Tahini, a paste made from ground sesame seeds, is a staple in Middle Eastern and Mediterranean cuisine. It’s used as a dip or as an ingredient in dishes such as baba ganoush, halva, and hummus. This humble condiment has some impressive health benefits that warrant its spot in any diet. Tahini is high in protein and essential fatty acids, and it’s also a good source of iron, calcium, magnesium, and zinc.

Here are some nutrition facts and health benefits of Tahini.

Nutritional Profile of Tahini

Tahini is fairly low in calories but high in fiber, protein, and several important vitamins and minerals. One tablespoon (15 grams) has this nutritional values:

  • 89 calories
  • 8.1 grams of fat
  • 17 milligrams of sodium
  • 3.2 grams of carbohydrates
  • 1.4 grams of fiber
  • 2.6 grams of protein
  • 64 milligrams of calcium
  • 1.3 milligrams of iron
  • 62 milligrams of potassium

Moreover, tahini is a good source of thiamin, phosphorus, and magnesium.

Tahini Benefits

Here are some of the tahini’s amazing health benefits.

Rich in Antioxidants

Tahini is high in antioxidants called lignans, which aid in the prevention of free radical damage and may reduce your risk of illness. Free radicals are molecules that are unbalanced. When they exist in large amounts in the body, they can harm tissues and lead to the development of type 2 diabetes, heart disease, and some malignancies. (2, 3, 4, 5)

Sesamin, a lignan present in tahini that has shown antioxidant activity in test-tube and animal studies, is especially abundant. It might lower your risk of cancer by protecting your liver from free radical damage, according to some studies. (6, 7)

However, further study on humans is required to fully comprehend these outcomes. (4, 8, 9)

Improves Heart Health

In one serving of tahini, you are consuming 16 grams of omega-3 and omega-6 fatty acids. The polyunsaturated fats are anti-inflammatory, which helps fight cardiovascular diseases such as heart disease, stroke, and high cholesterol. Your body needs healthy mono and polyunsaturated fats.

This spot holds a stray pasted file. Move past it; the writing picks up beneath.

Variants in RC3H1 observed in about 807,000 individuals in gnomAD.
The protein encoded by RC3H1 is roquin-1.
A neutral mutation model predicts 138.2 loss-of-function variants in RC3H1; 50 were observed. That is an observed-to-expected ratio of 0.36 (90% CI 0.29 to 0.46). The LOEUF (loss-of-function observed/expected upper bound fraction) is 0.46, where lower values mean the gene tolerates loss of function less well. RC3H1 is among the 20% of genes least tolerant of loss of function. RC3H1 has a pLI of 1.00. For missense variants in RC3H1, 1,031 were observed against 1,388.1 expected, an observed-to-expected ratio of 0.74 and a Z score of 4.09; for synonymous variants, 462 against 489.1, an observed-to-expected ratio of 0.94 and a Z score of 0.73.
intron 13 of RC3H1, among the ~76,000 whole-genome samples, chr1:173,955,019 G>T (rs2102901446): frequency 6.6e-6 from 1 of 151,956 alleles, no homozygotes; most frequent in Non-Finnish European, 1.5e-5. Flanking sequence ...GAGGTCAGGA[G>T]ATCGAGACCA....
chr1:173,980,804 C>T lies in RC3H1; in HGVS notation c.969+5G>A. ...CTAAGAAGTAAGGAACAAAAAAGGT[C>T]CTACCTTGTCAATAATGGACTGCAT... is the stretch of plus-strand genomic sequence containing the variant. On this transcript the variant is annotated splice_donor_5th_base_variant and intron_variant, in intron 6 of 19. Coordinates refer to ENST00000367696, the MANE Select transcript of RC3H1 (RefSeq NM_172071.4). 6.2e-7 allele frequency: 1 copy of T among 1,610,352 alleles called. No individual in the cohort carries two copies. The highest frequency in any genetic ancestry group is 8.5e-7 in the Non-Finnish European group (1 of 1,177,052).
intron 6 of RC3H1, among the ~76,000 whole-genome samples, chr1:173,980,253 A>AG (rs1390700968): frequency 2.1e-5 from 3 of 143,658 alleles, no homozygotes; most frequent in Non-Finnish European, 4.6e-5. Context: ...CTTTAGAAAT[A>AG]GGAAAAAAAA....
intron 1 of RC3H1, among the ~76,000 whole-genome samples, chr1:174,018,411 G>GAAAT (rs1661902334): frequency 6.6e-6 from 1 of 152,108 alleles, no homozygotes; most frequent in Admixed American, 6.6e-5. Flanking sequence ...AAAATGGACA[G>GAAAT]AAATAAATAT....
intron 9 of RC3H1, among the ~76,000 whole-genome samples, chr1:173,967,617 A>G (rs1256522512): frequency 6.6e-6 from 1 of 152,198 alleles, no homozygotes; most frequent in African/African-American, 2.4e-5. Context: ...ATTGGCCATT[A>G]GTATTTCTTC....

Supports Strong Bones

Adding just a serving of tahini to your diet can boost your bones! Tahini has calcium and phosphorous, which are needed to build bone material and to help optimize your bone density. A serving of tahini gives you nearly 5 percent of your daily allowance of calcium.

Decrease Risk of Certain Diseases

Sesame seeds can help you reduce your risk of developing many diseases, including type 2 diabetes and heart disease. (10, 11) High cholesterol and triglyceride levels are also linked to a decreased heart disease risk. Monounsaturated fats have also been linked to a decreased risk of type 2 diabetes, according to studies. (12, 13, 14)

Has Antibacterial Properties

Because of their high antioxidant content, tahini including sesame seeds have anti-inflammatory effects. In fact, in some Central European and Middle Eastern nations, sesame oil is used as a foot wound remedy for diabetes-related open wounds. (14)

Researchers discovered that sesame seed extract has antibacterial activity against 77 percent of drug-resistant bacterial samples in one study. Furthermore, sesame oil was found to help cure wounds in rats in one experiment. The researchers credit the oils’ fats and antioxidants for this effect. (16, 17)

However, this is a new field of study, and additional human research is needed.

Has Anti-inflammatory Compounds

Several components in tahini have a significant anti-inflammatory effect. Although acute inflammation is beneficial and natural, persistent inflammation can harm your health. (18, 19, 20, 21)

Sesamin, as well as other sesame antioxidant compounds, has been shown to decrease inflammation and pain in animal studies. Sesamin has also been investigated in rodents as a possible asthma treatment, characterized by airway irritation. (22, 23, 24, 25)

Not tahini itself, but rather concentrated sesame seed antioxidants have been studied in animals. These powerful antioxidants are present in tahini, however in significantly smaller amounts. Furthermore, additional study is required to determine how sesame seeds impact inflammation in humans.